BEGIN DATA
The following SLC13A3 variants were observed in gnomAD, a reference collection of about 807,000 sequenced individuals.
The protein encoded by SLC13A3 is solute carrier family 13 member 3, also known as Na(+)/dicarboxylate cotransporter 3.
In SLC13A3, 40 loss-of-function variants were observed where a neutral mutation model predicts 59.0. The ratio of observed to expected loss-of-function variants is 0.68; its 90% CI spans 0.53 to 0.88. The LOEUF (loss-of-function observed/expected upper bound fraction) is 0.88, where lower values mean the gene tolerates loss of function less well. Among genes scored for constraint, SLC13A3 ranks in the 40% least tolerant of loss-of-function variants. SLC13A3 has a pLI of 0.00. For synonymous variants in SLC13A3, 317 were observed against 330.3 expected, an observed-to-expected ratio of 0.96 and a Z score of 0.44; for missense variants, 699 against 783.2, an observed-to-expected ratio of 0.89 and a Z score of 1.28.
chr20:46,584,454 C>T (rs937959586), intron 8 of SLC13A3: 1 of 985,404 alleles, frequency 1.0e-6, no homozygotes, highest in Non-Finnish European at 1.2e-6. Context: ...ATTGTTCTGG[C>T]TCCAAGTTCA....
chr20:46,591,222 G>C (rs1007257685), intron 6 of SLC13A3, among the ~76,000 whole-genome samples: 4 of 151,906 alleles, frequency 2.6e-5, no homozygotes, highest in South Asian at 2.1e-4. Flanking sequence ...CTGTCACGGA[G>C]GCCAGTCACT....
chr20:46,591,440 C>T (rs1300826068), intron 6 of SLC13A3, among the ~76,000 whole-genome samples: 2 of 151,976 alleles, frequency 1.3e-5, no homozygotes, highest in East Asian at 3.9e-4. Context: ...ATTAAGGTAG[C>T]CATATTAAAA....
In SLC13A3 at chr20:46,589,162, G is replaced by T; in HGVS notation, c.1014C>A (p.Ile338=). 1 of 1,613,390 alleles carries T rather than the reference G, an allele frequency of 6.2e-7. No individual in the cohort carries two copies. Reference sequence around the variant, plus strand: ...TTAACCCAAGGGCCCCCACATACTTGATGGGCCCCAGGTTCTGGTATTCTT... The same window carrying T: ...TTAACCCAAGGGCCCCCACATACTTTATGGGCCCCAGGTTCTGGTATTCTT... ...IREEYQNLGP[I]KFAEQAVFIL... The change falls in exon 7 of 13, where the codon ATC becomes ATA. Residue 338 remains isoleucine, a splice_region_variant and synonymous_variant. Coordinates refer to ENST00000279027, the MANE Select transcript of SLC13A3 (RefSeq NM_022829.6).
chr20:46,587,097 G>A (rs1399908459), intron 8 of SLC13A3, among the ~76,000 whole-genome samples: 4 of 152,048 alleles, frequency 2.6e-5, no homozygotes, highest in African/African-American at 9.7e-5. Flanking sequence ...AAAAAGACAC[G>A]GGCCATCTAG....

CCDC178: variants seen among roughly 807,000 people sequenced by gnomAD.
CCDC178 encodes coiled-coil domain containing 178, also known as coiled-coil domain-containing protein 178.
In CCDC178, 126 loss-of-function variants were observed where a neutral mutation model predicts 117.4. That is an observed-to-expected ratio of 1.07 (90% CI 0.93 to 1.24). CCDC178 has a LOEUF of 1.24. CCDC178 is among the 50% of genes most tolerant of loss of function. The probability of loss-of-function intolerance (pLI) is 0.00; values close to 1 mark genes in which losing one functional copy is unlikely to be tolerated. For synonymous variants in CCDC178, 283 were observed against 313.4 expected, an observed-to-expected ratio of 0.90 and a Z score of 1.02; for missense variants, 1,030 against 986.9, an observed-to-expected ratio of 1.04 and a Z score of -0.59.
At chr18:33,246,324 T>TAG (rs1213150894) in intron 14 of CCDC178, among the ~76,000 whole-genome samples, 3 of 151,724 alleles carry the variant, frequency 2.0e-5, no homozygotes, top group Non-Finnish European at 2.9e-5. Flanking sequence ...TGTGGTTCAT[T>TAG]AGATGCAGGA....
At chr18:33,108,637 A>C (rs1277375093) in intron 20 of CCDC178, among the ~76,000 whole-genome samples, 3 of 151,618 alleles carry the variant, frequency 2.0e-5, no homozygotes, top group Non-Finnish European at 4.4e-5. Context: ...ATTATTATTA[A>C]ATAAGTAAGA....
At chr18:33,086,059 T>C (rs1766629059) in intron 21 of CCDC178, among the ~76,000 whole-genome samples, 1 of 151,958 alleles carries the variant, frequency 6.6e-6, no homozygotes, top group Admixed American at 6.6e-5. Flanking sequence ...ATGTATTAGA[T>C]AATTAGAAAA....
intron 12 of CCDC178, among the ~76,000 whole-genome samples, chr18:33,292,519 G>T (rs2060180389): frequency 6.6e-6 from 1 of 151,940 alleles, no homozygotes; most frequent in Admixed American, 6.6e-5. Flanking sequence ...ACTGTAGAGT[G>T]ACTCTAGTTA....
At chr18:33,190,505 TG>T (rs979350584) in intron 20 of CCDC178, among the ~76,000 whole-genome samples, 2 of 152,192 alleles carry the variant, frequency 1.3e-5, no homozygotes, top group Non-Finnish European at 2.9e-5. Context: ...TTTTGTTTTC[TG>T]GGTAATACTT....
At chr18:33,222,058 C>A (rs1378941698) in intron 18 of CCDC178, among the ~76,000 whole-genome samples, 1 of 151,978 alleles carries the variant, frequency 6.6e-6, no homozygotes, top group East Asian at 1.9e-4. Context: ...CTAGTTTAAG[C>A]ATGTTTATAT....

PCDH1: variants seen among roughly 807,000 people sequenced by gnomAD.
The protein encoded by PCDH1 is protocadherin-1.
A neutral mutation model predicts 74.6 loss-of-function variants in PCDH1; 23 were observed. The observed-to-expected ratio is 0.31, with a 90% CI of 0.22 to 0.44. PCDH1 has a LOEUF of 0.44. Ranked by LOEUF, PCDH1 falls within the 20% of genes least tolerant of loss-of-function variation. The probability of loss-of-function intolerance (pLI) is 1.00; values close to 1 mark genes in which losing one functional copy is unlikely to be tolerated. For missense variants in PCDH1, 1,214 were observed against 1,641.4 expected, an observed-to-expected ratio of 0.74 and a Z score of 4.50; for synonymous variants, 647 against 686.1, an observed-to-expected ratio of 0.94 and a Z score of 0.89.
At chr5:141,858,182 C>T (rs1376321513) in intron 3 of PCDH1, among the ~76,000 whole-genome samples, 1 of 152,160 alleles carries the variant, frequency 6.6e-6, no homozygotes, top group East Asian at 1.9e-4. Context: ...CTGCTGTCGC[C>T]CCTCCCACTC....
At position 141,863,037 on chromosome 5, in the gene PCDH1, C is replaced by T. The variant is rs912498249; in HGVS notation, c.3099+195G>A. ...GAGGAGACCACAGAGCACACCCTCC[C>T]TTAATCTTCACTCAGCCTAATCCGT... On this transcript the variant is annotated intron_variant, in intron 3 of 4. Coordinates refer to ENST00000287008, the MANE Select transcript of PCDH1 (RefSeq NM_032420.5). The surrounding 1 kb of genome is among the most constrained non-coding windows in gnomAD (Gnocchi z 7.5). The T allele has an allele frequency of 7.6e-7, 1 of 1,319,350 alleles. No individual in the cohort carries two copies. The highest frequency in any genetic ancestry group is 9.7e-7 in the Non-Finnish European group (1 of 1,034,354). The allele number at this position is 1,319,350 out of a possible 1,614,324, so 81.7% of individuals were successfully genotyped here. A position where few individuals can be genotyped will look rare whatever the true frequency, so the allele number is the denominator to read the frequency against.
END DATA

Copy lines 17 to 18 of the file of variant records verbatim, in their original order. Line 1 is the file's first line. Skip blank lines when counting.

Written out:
At chr18:33,222,058 C>A (rs1378941698) in intron 18 of CCDC178, among the ~76,000 whole-genome samples, 1 of 151,978 alleles carries the variant, frequency 6.6e-6, no homozygotes, top group East Asian at 1.9e-4. Context: ...CTAGTTTAAG[C>A]ATGTTTATAT....

PCDH1: variants seen among roughly 807,000 people sequenced by gnomAD.